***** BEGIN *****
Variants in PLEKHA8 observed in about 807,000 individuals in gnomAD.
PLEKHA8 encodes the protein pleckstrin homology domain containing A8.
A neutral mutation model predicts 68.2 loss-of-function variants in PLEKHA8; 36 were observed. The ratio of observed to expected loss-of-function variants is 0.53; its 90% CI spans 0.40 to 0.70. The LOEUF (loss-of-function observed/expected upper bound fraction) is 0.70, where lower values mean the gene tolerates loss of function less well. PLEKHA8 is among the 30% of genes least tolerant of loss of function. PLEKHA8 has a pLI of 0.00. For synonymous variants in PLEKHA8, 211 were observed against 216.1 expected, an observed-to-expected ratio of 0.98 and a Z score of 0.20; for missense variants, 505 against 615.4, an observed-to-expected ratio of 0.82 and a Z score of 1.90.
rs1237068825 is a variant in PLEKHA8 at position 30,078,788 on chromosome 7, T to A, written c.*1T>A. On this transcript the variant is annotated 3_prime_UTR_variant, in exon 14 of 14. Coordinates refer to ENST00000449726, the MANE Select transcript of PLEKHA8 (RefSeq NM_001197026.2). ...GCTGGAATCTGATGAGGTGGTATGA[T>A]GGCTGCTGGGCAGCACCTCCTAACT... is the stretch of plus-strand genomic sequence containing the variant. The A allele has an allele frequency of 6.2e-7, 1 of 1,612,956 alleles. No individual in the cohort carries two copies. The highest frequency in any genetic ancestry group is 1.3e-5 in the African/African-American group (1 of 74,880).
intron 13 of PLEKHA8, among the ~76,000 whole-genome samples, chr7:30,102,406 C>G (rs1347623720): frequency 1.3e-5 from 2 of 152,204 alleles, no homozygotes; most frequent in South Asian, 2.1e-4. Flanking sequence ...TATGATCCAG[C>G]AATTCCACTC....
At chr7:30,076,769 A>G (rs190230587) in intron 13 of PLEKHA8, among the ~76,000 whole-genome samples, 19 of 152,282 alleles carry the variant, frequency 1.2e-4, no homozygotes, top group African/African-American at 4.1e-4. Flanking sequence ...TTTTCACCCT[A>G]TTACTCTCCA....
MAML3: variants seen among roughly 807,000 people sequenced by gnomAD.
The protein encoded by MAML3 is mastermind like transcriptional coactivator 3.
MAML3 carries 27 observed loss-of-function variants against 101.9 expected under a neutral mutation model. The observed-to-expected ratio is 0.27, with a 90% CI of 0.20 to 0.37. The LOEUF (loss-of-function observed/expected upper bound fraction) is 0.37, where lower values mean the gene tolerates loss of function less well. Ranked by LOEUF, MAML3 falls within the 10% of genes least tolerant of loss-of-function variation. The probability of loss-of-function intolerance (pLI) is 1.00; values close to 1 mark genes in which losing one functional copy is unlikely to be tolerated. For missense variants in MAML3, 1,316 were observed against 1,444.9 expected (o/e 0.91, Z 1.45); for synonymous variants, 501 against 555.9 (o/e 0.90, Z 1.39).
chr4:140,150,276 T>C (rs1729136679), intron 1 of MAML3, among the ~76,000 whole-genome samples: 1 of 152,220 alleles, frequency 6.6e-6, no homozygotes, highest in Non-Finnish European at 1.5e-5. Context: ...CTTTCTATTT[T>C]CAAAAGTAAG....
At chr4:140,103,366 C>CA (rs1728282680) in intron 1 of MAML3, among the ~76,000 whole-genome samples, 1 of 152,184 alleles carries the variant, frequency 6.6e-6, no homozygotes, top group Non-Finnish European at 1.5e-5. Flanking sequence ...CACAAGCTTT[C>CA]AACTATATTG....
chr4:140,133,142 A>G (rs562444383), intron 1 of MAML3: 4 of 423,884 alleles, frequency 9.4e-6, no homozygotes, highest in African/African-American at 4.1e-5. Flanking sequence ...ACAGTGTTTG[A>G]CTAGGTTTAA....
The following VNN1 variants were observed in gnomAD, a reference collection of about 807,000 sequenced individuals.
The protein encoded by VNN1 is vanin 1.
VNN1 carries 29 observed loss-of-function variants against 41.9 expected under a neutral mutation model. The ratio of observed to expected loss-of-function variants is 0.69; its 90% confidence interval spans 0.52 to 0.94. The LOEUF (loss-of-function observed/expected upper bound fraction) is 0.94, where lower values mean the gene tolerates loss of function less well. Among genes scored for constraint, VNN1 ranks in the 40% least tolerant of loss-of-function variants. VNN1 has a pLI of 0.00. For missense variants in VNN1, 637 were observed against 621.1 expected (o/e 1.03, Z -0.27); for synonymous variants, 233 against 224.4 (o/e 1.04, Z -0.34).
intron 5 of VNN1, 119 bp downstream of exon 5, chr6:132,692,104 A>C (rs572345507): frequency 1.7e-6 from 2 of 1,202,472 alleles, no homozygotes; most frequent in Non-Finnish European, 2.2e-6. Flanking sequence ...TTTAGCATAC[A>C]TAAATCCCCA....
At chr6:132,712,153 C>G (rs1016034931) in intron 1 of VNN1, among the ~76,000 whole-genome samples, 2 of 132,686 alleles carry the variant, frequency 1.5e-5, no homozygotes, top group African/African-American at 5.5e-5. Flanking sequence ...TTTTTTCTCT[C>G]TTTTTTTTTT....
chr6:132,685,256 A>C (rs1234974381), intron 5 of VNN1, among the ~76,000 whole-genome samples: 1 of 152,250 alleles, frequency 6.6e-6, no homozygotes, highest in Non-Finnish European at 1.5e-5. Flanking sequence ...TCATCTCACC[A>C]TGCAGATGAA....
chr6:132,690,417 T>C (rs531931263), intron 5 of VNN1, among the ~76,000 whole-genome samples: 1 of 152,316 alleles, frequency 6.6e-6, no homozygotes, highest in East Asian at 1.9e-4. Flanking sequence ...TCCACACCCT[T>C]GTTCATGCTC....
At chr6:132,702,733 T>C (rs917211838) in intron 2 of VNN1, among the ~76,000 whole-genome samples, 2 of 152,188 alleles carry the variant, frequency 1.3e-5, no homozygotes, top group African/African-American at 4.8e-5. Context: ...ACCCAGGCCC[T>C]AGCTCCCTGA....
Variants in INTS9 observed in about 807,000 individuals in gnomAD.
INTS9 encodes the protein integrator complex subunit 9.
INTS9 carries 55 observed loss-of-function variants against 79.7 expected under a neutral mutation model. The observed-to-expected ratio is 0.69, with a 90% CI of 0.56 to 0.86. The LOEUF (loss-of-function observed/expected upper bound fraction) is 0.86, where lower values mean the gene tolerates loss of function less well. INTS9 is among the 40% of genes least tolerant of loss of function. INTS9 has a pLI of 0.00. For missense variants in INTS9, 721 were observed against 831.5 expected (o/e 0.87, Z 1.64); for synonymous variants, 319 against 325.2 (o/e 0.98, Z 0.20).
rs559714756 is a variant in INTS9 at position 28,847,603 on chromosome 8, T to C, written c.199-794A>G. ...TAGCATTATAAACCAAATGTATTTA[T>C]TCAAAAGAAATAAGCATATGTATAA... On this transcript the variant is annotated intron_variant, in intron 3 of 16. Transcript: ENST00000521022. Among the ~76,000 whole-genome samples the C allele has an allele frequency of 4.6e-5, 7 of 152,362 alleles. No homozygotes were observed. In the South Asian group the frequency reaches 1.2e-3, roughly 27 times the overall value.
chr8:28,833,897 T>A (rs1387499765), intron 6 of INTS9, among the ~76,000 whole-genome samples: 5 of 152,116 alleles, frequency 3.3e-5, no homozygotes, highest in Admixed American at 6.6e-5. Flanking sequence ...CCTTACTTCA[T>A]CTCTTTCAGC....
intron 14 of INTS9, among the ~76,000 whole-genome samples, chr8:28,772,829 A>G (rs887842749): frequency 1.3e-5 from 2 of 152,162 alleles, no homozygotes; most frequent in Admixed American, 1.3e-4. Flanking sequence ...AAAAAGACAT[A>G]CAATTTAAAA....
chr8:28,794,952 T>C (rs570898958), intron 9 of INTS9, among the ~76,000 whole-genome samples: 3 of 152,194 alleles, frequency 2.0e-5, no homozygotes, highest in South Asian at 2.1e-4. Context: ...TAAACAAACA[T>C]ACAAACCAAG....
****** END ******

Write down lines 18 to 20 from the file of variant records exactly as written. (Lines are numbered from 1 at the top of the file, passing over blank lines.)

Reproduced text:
chr6:132,685,256 A>C (rs1234974381), intron 5 of VNN1, among the ~76,000 whole-genome samples: 1 of 152,250 alleles, frequency 6.6e-6, no homozygotes, highest in Non-Finnish European at 1.5e-5. Flanking sequence ...TCATCTCACC[A>C]TGCAGATGAA....
chr6:132,690,417 T>C (rs531931263), intron 5 of VNN1, among the ~76,000 whole-genome samples: 1 of 152,316 alleles, frequency 6.6e-6, no homozygotes, highest in East Asian at 1.9e-4. Flanking sequence ...TCCACACCCT[T>C]GTTCATGCTC....
At chr6:132,702,733 T>C (rs917211838) in intron 2 of VNN1, among the ~76,000 whole-genome samples, 2 of 152,188 alleles carry the variant, frequency 1.3e-5, no homozygotes, top group African/African-American at 4.8e-5. Context: ...ACCCAGGCCC[T>C]AGCTCCCTGA....